plus most of the demographic that drives these type of cars dont push them nearly as hard as we do here, so if youve never pushed the engine harder than 3k rpms, it would be easy to think that the L36 was a torque monster and that it would blow any 3.5 off the road in a second.

the series 3 keeps the bulk of its power in the area where the majority of drivers are going to use it, making it a driving pleasure, and something that can please everyone.
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Old 09-11-2006, 04:21 PM   #8
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Quote:
Originally Posted by BonneMeMN
The 3.9L is a much more advanced engine, and is FAR superior to the 3800. If it'* reliability is similar, then there'* no contest.

The 3800 is significantly heavier and larger, and the series III has no real improvements over the L36.

I had a lucerne for about a week as a loaner while my car was being refinished. It wasn't "class leading" by any means, but it was a good car. As with 95%+ of GM sedans, there is very little to none steering feel. The ride was good, somewhat squishy, space was good, and the new gm radio and electronics were nice. There is faux "stitching" on the door panels which is really suspect. But again, the performance is far from many imports, and the quality is still not quite at the level of who they would like to compete against (Lexus)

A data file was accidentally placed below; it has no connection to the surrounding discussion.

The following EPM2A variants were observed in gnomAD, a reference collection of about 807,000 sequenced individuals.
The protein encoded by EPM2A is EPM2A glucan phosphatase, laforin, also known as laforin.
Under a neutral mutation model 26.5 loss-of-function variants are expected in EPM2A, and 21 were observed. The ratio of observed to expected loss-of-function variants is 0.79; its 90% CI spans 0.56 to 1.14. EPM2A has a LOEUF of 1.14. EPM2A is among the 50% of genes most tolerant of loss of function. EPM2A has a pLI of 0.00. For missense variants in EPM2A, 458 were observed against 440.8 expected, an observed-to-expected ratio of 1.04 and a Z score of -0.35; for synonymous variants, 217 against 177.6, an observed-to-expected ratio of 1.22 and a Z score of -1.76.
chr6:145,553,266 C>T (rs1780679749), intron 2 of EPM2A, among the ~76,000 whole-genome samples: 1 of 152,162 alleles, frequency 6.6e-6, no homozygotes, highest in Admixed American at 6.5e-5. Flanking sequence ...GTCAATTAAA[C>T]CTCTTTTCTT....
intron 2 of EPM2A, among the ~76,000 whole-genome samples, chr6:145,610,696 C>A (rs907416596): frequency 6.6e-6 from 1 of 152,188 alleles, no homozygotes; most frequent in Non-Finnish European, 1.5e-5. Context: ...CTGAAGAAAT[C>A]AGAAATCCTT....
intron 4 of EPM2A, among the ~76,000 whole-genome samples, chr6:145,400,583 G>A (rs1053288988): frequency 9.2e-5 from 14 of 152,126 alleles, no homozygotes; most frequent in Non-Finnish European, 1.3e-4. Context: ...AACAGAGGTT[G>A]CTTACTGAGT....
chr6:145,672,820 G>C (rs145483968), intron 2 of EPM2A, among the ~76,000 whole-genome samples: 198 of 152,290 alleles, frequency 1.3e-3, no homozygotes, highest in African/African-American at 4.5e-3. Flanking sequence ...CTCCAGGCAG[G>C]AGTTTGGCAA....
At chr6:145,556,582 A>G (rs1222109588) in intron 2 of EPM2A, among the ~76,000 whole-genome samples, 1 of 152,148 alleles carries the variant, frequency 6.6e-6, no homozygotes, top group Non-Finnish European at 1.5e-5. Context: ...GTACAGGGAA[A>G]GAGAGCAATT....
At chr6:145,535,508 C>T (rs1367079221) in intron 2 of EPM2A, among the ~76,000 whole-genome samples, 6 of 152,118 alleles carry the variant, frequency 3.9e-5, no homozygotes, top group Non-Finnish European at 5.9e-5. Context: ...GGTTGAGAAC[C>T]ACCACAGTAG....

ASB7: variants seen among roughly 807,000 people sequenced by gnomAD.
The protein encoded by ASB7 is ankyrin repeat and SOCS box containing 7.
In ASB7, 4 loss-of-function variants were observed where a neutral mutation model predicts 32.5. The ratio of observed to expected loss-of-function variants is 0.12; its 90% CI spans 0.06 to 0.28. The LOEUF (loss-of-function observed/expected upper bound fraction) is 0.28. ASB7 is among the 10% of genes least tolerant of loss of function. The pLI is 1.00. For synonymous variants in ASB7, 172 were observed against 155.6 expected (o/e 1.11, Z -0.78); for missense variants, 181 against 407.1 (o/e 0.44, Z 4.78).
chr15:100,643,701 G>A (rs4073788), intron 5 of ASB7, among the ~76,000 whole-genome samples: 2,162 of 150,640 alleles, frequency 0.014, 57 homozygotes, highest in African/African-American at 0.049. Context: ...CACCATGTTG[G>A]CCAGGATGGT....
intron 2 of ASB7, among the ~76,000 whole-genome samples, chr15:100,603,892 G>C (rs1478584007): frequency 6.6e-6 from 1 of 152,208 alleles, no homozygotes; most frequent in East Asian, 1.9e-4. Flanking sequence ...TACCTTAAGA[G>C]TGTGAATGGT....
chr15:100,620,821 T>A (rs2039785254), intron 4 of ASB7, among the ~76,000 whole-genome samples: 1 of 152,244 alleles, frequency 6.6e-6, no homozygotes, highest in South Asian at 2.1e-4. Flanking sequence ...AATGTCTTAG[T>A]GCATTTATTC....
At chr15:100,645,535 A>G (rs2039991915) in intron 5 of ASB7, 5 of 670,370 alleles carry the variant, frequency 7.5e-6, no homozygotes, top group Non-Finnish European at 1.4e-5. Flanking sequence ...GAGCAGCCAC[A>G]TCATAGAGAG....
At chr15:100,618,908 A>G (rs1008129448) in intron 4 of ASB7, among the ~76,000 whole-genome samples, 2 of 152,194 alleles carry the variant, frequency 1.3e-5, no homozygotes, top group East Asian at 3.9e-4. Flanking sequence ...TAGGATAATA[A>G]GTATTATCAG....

These faults were all mentioned and (supposedly) addressed for the 2007 or 2008 MY (I can't remember which right now lol).

The reviewer says that he was expecting the same problems as you mentioned for the new release, but the steering feel, ride quality, and interior have all supposedly taken a large step forward. Now I should go look for that review....hmmmm.
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Old 09-11-2006, 04:26 PM   #9
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OK, found the review, from the Orlando Sentinel:

Quote:
New star at Buick
The 2007 Lucerne is just the thing to energize the brand.

Steven Cole Smith | Sentinel Automotive Editor
Posted September 7, 2006

Buick Lucerne (GM)
Sep 7, 2006

When General Motors killed Oldsmobile in December 2000, plenty of us wondered: Why Oldsmobile and not Buick? Promptly, GM sought to answer that question by inviting a small gathering of automotive journalists to a conference, where future Buick products were previewed.

After viewing that presentation, I wondered: Why Oldsmobile and not Buick?